J.M. Carroll: The Trail of Blood (Ashland Avenue Baptist Church, Lexington, KY)
This booklet of 55 pages is famous. It has practically given its name to the whole Baptist Successionist dogma, and is referred to by just about everyone in that context. But how good is this booklet? Frankly, I was disappointed. There is no detail at all given of the supposed 'ancient Baptist groups', they are assumed, not proven - and yet no reputable historian today would agree with this. In fact, outside of a very small group of fundamentalist Baptists, no-one today would agree with the Successionists - and that includes many, many Evangelical Christians, even the Baptist writer N.R. Needham. Successionists like Carroll rely on a highly speculative historiography that is based in particular on works written before the 1890s.
Carroll's work contains no original research - and avowedly so, it is after all a record of a course of popular lectures, not an historical work. Yet even so, the work is lacking in details of the 'ancient Baptist groups'. In fact he has assumed that practically every heretical group from the early Church through the Middle Ages rejected infant Baptist, and that these groups were connected. So on P. 19 we read of "'Montanist,' 'Tertullianists', 'Novationists', 'Paterines,' etc." Now these are three different groups (no-one today thinks that a group called 'Tertullianists' ever existed). The Montanists were a charismatic group that taught the continuance of prophetic gifts, all centred on Montanus, their founder, who was regarded as a prophet. The Novatian Schism, on the other hand, was over the question of church discipline - Novation refused to re-admit those guilty of 'Mortal Sin' to the Church on profession of repentance. Both of these groups may have re-baptized, but that would have been because they did not recognise 'Catholic' baptism as valid! 'Paterines' is another name for the Medieval Bogomil movement. They were dualists of a sort, who believed that Jesus was the brother of Satan, and whose'baptism' was being patted on the head with a copy of John's Gospel! Thus each of the three groups mentioned here that actually existed were very different theologically.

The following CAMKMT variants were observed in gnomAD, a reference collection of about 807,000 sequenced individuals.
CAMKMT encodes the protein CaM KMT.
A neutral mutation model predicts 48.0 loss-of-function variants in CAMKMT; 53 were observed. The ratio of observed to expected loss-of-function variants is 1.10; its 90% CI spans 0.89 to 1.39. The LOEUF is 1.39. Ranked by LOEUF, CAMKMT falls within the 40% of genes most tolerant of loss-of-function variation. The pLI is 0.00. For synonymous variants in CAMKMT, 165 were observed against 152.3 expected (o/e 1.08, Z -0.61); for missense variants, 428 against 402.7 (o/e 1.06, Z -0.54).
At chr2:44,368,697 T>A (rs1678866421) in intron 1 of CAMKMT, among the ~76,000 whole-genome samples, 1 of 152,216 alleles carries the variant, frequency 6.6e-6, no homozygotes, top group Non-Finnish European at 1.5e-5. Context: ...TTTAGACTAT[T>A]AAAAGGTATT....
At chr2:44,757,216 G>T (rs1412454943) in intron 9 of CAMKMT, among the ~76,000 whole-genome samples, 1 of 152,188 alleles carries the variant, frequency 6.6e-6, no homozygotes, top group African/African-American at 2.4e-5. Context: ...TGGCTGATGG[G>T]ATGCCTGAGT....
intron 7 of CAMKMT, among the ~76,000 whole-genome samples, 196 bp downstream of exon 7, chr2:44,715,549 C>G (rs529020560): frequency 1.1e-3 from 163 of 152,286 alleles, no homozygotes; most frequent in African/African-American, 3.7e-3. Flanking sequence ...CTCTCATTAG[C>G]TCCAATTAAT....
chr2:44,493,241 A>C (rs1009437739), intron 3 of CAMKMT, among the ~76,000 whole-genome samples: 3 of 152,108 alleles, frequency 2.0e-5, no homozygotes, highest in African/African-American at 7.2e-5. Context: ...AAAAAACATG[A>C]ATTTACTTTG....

More seriously, Carroll's understanding of the history of the Church is rather sketchy at times. He writes: "The fourth [ecumenical council] met at Chalcedon, AD 451, and was called by Emperor Marian; 500 or 600 bishops or Metropolitans... were present. During this council the doctrine of what is now known as Mariolatry was promulgated. This means the worship of Mary, the mother of Christ" (P. 21). In fact Chalcedon was called to correct mistaken view of the person of Christ, and the title 'Theotokos' applied to Mary was Christological in intent - to emphasise that the one born of Mary was indeed God. Only later was the Chalcedonian declaration used to glorify Mary herself (see K.S. Latourette, A History of Christianity [London, Eyre and Spottiswoode Ltd., 1964] 171-2 and Harold O.J. Brown, Heresies [Peabody, Mass., Hendrickson, 2003] 172-3). Harold O.J. Brown writes: "The term theotokos originally was intended to affirm the deity of Christ, but it gradually came to be a title of honour for Mary." Mariolatry was not imposed at Chalcedon - it arose as a corruption in popular piety.